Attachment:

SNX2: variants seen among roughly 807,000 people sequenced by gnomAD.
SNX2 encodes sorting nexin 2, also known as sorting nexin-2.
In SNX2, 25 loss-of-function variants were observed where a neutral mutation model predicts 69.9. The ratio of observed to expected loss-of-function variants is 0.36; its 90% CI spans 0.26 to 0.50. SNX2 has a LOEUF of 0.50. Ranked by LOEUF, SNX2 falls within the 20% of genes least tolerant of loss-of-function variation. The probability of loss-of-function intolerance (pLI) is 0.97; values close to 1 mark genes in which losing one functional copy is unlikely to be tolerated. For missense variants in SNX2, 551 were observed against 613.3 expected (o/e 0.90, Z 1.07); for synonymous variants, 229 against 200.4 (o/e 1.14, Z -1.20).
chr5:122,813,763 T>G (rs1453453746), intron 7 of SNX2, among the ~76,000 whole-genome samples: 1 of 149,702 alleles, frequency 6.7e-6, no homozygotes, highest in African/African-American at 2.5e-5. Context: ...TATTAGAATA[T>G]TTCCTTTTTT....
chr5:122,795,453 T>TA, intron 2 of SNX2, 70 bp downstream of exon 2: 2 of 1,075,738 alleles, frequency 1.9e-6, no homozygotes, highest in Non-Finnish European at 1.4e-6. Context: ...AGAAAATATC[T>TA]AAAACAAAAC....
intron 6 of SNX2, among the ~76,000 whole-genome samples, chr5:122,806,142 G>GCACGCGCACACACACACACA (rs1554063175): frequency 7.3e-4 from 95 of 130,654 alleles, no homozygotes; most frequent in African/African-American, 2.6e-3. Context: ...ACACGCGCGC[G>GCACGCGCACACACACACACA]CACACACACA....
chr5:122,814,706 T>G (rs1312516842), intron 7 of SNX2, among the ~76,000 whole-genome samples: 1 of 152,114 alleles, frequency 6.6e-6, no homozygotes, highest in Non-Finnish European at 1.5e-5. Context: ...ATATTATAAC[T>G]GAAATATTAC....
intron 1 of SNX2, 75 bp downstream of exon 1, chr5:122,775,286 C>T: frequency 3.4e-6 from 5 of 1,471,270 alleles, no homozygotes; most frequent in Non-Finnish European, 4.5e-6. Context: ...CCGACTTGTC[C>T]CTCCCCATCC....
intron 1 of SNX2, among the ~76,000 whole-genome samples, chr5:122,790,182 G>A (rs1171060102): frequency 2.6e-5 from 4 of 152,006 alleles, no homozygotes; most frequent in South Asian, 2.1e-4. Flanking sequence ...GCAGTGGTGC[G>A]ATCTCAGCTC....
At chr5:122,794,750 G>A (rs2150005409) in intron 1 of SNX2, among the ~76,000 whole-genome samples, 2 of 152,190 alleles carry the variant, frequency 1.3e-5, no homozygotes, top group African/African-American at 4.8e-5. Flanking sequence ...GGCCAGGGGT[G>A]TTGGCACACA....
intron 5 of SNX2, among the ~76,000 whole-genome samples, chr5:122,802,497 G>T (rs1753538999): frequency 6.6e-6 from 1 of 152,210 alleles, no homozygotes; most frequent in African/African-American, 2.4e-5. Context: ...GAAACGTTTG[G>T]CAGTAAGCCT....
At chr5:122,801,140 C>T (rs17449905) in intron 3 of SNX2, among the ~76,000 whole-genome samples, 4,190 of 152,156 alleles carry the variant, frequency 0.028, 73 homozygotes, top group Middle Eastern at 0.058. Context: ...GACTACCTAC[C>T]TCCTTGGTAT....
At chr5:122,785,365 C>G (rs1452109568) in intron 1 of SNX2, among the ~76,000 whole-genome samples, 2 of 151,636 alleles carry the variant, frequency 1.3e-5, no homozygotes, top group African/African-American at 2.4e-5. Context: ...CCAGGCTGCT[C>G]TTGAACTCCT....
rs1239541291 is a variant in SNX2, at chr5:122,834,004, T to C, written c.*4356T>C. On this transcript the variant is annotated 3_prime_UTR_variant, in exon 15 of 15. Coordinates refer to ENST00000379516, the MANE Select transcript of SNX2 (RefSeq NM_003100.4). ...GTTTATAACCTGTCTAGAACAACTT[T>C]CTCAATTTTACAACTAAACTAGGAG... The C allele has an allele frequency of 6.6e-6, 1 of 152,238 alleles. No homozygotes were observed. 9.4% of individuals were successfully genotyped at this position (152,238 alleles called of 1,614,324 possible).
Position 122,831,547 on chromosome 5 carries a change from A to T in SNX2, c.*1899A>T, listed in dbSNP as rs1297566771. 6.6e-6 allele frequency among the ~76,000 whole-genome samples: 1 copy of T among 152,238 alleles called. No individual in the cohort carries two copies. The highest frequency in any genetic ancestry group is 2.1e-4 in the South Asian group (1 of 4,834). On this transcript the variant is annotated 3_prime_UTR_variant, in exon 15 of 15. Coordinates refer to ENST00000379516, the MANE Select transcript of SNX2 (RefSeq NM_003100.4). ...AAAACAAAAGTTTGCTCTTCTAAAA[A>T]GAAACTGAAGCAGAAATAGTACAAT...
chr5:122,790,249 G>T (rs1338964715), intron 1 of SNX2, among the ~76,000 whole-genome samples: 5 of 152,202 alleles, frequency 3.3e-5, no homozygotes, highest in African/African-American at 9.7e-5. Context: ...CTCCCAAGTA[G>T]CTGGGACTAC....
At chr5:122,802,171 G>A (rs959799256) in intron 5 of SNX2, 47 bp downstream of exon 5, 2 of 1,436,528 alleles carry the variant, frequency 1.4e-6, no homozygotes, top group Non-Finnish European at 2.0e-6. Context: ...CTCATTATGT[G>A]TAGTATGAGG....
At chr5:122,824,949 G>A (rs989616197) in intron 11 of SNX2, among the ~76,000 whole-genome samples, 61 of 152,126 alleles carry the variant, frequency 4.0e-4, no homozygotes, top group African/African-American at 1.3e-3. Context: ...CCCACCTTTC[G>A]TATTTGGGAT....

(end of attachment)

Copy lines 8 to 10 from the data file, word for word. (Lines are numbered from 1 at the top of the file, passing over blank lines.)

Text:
intron 1 of SNX2, 75 bp downstream of exon 1, chr5:122,775,286 C>T: frequency 3.4e-6 from 5 of 1,471,270 alleles, no homozygotes; most frequent in Non-Finnish European, 4.5e-6. Context: ...CCGACTTGTC[C>T]CTCCCCATCC....
intron 1 of SNX2, among the ~76,000 whole-genome samples, chr5:122,790,182 G>A (rs1171060102): frequency 2.6e-5 from 4 of 152,006 alleles, no homozygotes; most frequent in South Asian, 2.1e-4. Flanking sequence ...GCAGTGGTGC[G>A]ATCTCAGCTC....
At chr5:122,794,750 G>A (rs2150005409) in intron 1 of SNX2, among the ~76,000 whole-genome samples, 2 of 152,190 alleles carry the variant, frequency 1.3e-5, no homozygotes, top group African/African-American at 4.8e-5. Flanking sequence ...GGCCAGGGGT[G>A]TTGGCACACA....